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Tuesday, June 25, 2024

Television Review: LOVE THAT BOB: "Bob Digs Rock n' Roll" (1958)

LOVE THAT BOB a.k.a. THE BOB CUMMINGS SHOW: "Bob Digs Rock n' Roll" (1958 NBC-TV/Laurel-McCadden Productions) Original Air Date: May 27, 1958.  Starring Bob Cummings as Bob Collins, Rosemary deCamp as Margaret MacDonald, Ann B. Davis as Schultzy, Dwayne Hickman as Chuck MacDonald, Olive Sturgess as Carol Henning.  Guest Stars Ingrid Goude as herself, Dan Tobin as Wallace Seawell, Stanley Stenner as himself, El Brendel as Ole Svensen.  Written by Paul Henning, Dick Wesson and Shirl Gordon.  Directed by Bob Cummings.

Introduction to the LOVE THAT BOB/THE BOB CUMMINGS SHOW episode guide is at this link.

Trouble in the McDonald/Collins household--Chuck has lost Carol to rock n' roller Stenner.  Wishing to step up his game, Chuck wants $20 down payment on a guitar to compete with the singing sensation.  Bob's reaction?  Well, he explains it better than I can:

"A girl goes for the same thing she went for 2,000 years ago--a man!  And you don't need an overgrown ukulele around your neck to get her!"

Chuck remains unconvinced, and determined to cut a deal at the pawn shop to compete with Stanley on a level playing field.  Even learning that Stenner went to Bob's arch rival Wallace Seawell for his promotional poster doesn't commit our Playboy to his nephew's cause, since Bob has a girl of his own to win: the unattainable Goude.  

"Uncle Bob, you don't know what makes the girls go ape!"

"Are you kiddin'?  I've been monkeyin' around since I was twelve."

Miss Sweden is modeling for the day's bathing suit ad, giving Bob one more opportunity to close the language gap (and the deal) with the nubile beauty.  Having tried almost everything else, Bunko Bob produces a medal proclaiming him Sweden's Greatest Hero.  (Our playboy has made some pawn shop swaps of his own!) It looks like the big bad wolf might finally make some headway with the Scandinavian supermodel until Schultzy switches Bob's medal with janitor Ole's lookalike 'award'.  All the while, Seawell's portrait of Stenner keeps getting redeveloped--to no avail as each new poster eventually receives darts from the rivals of both the singer and his ace shutterbug.

In a show loaded with in-jokes, Bob's unfriendly rivalry with Wally Seawell was explored in a handful of episodes sprinkled throughout the first four seasons.  In real life, Seawell was the show's technical advisor: in reel life, he's played by Dan Tobin, returning to the role after Bob Enters a Photography Contest and Bob Sails for Hawaii.  Collins definitely comes across as the least mature of the shutterbugs here, joining Chuck in throwing darts at his rival's work.  Which is fine, 'cause its a lot funnier that way.  No one wants to see our Playboy lose his youthful edge--something the ratings would prove in 1959 when Tammy Johnson arrived.  The mustachioed Tobin took over the Seawell role in 1957 from John Hubbard (The Petticoat Derby).

The first of a two parter, Bob Digs Rock n' Roll gives seventeen year old Stanley Stenner a push towards rock n' roll stardom.  Who's he, you ask?  The son of Cummings' valet who was also a protege of Mary Martin after being cast as Curly in PETER PAN on Broadway at age 14.   Stenner had a lot of star power behind him, and demonstrates a solid voice, but neither acting nor music worked out as a long term career for him.   This one is an admirable effort to put Stenner over worthy of any wrestling jobber.  To be fair he's a much better candidate for rock n' roll stardom than Hickman ever was, something Hickman would freely admit in FOREVER DOBIE.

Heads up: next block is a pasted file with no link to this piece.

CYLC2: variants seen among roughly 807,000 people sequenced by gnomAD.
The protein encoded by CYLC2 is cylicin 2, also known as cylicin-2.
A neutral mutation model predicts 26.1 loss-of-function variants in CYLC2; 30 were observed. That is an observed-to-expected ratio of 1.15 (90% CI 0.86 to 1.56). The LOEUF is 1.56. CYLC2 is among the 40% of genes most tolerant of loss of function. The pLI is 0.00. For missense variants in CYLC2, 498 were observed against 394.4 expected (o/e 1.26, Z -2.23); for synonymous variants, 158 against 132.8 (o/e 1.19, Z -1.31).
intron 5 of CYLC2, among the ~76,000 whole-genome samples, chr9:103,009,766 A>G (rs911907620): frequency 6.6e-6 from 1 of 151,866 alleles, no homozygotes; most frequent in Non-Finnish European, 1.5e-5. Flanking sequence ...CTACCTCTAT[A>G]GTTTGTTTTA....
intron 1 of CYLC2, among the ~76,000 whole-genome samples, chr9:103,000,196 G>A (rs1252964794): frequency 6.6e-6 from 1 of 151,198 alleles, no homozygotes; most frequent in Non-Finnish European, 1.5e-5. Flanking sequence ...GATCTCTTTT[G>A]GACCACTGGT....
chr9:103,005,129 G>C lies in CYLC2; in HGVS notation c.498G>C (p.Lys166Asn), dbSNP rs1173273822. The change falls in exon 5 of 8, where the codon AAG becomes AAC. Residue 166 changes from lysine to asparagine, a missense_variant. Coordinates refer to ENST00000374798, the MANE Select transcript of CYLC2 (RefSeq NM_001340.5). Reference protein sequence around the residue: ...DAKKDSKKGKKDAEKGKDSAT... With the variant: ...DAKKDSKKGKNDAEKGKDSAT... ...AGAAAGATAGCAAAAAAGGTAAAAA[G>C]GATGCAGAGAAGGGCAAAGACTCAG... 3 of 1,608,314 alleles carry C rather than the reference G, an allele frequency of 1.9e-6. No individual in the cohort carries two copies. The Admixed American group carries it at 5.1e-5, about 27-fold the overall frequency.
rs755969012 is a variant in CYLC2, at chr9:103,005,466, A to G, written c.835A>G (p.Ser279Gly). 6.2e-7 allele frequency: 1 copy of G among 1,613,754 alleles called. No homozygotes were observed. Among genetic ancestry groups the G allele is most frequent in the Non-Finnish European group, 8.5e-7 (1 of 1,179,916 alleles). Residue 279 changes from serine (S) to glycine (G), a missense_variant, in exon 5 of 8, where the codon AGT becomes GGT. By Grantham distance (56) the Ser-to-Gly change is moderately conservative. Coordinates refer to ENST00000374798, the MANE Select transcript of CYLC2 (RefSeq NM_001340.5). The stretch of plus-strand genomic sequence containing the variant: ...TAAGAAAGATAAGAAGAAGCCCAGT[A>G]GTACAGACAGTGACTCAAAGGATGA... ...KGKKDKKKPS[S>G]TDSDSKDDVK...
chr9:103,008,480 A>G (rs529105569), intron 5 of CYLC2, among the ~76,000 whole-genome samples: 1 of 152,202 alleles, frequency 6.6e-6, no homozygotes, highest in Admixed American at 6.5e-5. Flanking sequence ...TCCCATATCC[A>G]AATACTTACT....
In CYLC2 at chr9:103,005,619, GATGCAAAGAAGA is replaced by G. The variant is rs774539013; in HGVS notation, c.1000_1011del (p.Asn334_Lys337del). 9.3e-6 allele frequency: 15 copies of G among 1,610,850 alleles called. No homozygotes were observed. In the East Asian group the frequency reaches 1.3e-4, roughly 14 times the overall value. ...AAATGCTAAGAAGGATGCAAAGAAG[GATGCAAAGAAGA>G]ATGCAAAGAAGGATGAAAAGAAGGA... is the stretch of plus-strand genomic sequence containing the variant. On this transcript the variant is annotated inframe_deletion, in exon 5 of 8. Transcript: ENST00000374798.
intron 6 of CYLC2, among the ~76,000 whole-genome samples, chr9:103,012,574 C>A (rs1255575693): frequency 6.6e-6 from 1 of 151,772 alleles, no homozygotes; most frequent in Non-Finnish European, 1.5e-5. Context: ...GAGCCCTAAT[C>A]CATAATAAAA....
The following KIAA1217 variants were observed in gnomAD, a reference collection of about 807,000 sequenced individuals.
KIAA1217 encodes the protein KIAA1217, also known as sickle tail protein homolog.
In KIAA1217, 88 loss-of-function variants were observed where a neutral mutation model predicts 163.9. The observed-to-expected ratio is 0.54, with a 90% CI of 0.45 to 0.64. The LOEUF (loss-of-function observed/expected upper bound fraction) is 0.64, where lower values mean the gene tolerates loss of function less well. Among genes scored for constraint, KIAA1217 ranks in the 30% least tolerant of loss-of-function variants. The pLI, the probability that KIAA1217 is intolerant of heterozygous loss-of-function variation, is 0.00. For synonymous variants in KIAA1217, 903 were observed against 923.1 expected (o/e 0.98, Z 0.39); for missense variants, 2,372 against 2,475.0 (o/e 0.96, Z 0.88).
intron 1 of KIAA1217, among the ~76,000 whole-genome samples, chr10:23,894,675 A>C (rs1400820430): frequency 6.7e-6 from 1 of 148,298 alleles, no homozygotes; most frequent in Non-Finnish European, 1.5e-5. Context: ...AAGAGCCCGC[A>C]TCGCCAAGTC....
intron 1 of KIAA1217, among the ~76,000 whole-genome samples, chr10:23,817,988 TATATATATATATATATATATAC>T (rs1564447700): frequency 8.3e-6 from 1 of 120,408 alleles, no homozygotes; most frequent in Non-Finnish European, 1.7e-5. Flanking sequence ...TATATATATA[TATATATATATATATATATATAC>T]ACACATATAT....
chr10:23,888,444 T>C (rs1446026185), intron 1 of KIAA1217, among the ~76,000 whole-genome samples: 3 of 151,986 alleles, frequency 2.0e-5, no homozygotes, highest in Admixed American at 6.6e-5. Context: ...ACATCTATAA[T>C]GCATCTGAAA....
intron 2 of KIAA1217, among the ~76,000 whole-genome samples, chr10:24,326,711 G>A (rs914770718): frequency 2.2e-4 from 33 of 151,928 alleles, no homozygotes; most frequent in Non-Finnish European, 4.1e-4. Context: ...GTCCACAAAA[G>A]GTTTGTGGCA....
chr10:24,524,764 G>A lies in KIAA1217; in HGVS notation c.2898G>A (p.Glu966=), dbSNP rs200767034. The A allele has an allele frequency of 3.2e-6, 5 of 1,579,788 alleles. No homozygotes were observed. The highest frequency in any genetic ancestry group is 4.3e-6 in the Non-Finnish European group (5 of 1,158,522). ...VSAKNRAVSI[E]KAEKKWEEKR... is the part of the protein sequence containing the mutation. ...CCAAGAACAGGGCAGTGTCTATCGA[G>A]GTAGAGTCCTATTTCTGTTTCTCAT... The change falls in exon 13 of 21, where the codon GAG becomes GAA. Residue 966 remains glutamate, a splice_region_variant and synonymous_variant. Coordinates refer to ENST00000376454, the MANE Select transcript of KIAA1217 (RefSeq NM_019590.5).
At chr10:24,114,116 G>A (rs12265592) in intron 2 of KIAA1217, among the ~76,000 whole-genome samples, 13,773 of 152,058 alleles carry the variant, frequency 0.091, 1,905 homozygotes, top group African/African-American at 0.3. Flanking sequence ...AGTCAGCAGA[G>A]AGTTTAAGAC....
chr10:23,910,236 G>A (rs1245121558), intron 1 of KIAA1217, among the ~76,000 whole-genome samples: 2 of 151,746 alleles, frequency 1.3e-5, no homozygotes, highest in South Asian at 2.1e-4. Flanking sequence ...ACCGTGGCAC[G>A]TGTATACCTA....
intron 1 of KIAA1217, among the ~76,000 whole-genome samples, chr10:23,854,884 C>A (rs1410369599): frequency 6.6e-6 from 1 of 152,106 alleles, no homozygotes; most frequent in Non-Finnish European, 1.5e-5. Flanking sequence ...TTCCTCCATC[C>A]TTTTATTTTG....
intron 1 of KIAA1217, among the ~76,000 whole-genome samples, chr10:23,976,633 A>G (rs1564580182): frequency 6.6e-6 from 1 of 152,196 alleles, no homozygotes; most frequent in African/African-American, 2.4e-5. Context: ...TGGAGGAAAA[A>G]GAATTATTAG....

Bob Digs Rock n' Roll is the last of seven episodes for unattainable Ingrid Goude, and Bob gets no further here than before.  It's later than you think, Bob--that rock n' roll that you so casually dismiss appeals to the ladies in your desired age group!  (Once Bob realizes this, he sort of lives up to the episode's title--once he thinks it'll help him score that is.)

But lest you think Bob is just too old for Ingrid, she is dancing with Ole to Stenner's strumming, and in real life Goude was finally landed by apparel mogul Jerome K. Ohrbach in 1962 (54 to her 25 at the time).  So much for that coming youth revolution!  Speaking of, that would be explored much more fully when the story continued the next week (sans Goude) in Colonel Goldbrick.  Chuck's relationship woes continued into that installment as well.


Schultzy took these "honors" more often than anyone, so it isn't surprising that she does it again here by switching the medals.  I'd still say Bob's chances were mighty slim even with the real one, though...


No, but it's a noble stab at glory--secluded beach shoot, war hero story complete with artifact, and even his own attempt at rock n' roll.  Too bad none of it worked in what would prove to be his final attempt with Miss Sweden.


Director Cummings worked his magic with countless inexperienced actors in his two and a half seasons at the helm while also maintaining top notch work from his pros.  Bob Digs Rock n' Roll pokes fun at our hero’s age, but not as pointedly as the better half of this two parter, Colonel Goldbrick.  Part one is still up to the overall high standard from the show's last great season.  (*** out of four)

Don't want to take my word for it?  Want to see Bob Digs Rock n' Roll for yourself?  Here ya go:

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